While type 1 diabetes symptoms can come on suddenly and severely, it’s important to note that type 2 diabetes symptoms can creep up gradually and be so mild that they’re not noticeable, the NIDDK explains. And most people with prediabetes actually have no symptoms, per the NIDDK. So it’s extremely important to get screened if you have risk factors, like having a family history, being overweight, being inactive, or being over age 45.
Still, there are many signs of high blood sugar in the short and long term that it doesn’t hurt to be conscious of, especially if you are at elevated risk.
Early on, high blood sugar can make you feel off in a variety of ways.
Feeling tired may be the most common early sign of high blood sugar, Dr. Hatipoglu says. It’s also one that can occur, to a mild degree, with even the mild and normal blood sugar fluctuations that occur in people without diabetes (or with prediabetes) when they consume a large amount of simple carbs, like sugar, she says.
Of course, tiredness is a pretty nonspecific symptom (and can even be a sign of low blood sugar, as Dr. Adimoolam points out). If you notice fatigue regularly occurring right after you eat, though—especially a carb-heavy meal—it may have to do with rising blood sugar levels. “People will say, ‘I want to nap after lunch’ or, ‘I just cannot open my eyelids after dinner,’ often after eating something like a lot of pasta or potatoes or sweets,” Dr. Hatipoglu says. In any case, it’s a sign to see someone.
2. Frequent urination
When you have too much sugar in your blood, “your kidneys start trying to pour out more sugar to get rid of it. And as they excrete the sugar, they pull out water with it,” Dr. Hatipoglu explains. This makes you have to visit the bathroom more than usual.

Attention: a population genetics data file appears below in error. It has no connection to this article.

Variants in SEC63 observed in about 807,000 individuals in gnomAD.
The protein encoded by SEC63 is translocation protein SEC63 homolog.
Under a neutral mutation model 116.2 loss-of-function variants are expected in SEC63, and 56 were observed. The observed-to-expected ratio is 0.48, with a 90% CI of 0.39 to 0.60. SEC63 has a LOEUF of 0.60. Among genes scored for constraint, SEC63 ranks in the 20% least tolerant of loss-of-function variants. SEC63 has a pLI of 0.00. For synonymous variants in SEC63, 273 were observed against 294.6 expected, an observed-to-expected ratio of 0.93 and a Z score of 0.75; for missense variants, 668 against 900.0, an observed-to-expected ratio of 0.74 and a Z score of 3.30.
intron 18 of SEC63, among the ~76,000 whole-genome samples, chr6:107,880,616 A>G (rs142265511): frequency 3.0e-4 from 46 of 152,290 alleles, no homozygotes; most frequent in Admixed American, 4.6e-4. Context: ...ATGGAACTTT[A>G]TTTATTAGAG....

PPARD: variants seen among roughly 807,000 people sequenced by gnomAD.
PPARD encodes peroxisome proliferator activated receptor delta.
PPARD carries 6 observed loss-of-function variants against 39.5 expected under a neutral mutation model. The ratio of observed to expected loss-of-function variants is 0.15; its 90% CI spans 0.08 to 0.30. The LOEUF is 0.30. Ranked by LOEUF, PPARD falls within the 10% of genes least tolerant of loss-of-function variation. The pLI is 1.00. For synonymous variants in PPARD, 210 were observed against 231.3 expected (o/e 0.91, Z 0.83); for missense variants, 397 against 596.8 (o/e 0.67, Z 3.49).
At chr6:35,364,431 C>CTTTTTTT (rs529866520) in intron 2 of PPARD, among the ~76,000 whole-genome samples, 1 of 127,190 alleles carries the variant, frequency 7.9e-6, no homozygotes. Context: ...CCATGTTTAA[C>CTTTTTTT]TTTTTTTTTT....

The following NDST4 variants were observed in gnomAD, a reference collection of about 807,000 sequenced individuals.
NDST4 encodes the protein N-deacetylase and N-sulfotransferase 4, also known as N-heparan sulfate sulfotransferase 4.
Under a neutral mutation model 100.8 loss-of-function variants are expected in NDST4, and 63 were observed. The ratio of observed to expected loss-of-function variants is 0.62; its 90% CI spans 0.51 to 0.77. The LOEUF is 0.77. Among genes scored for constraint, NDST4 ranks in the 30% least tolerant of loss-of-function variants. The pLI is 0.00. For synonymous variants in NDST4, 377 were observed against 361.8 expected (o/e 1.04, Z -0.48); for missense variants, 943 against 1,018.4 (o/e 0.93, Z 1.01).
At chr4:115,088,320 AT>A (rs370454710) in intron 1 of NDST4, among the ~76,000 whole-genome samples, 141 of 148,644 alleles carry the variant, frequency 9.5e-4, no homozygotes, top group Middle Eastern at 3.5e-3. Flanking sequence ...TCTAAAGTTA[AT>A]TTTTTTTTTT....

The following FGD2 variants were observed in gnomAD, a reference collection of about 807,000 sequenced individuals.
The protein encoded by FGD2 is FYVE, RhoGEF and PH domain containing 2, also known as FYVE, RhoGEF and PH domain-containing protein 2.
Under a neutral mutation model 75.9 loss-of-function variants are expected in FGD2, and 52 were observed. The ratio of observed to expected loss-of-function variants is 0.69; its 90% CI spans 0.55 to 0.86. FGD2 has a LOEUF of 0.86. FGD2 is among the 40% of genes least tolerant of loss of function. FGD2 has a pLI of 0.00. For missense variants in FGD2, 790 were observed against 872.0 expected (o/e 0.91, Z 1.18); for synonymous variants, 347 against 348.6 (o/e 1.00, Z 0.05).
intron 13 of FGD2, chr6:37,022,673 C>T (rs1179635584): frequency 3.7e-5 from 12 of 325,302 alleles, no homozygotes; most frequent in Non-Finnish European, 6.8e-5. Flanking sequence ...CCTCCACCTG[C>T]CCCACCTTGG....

3. Increased thirst
This is a natural effect of peeing more, Dr. Adimoolam explains, because your body becomes dehydrated. “People start feeling thirsty all the time,” Dr. Hatipoglu says. The dehydration also becomes cyclical, the Mayo Clinic explains: The more you pee, the thirstier you are, the more you drink, the more you pee, and so on.
Dehydration from any cause can trigger headaches, Dr. Hatipoglu says. Of course, headaches can be a sign of many different things, but it’s worth getting checked out if it’s something new or coupled with other symptoms here. (The dehydration can also worsen your tiredness, by the way.)
5. Blurred vision
When there is excess sugar in the blood, it can affect some unexpected areas in the body, like your eyes. Essentially, extra sugar (along with a little water) gets trapped in the lens in the middle of the eye, causing a blurred effect, Dr. Hatipoglu explains. (This is temporary, and not the same as the damage to the eye that can occur in the long term.)
6. Nausea, vomiting, confusion, and more
These seemingly disparate symptoms are all signs of a rare and life-threatening state called diabetic ketoacidosis (DKA). DKA can cause the symptoms above, as well as stomach pain, trouble breathing, dry or flushed skin, fruity-smelling breath, or difficulty paying attention. It usually occurs in people with type 1 diabetes and is sometimes the first sign they are sick, according to the U.S. National Library of Medicine. (More rarely, DKA can occur to a milder degree in type 2 diabetes.) Unable to use the sugar in the blood for energy without insulin, the liver begins to break down body fat into a type of fuel called ketones at such a high rate that they become toxic and make the blood acidic, the U.S. National Library of Medicine explains. DKA can be fatal if left untreated, so anyone experiencing these symptoms should seek care immediately.
Over time, untreated high blood sugar can cause additional symptoms.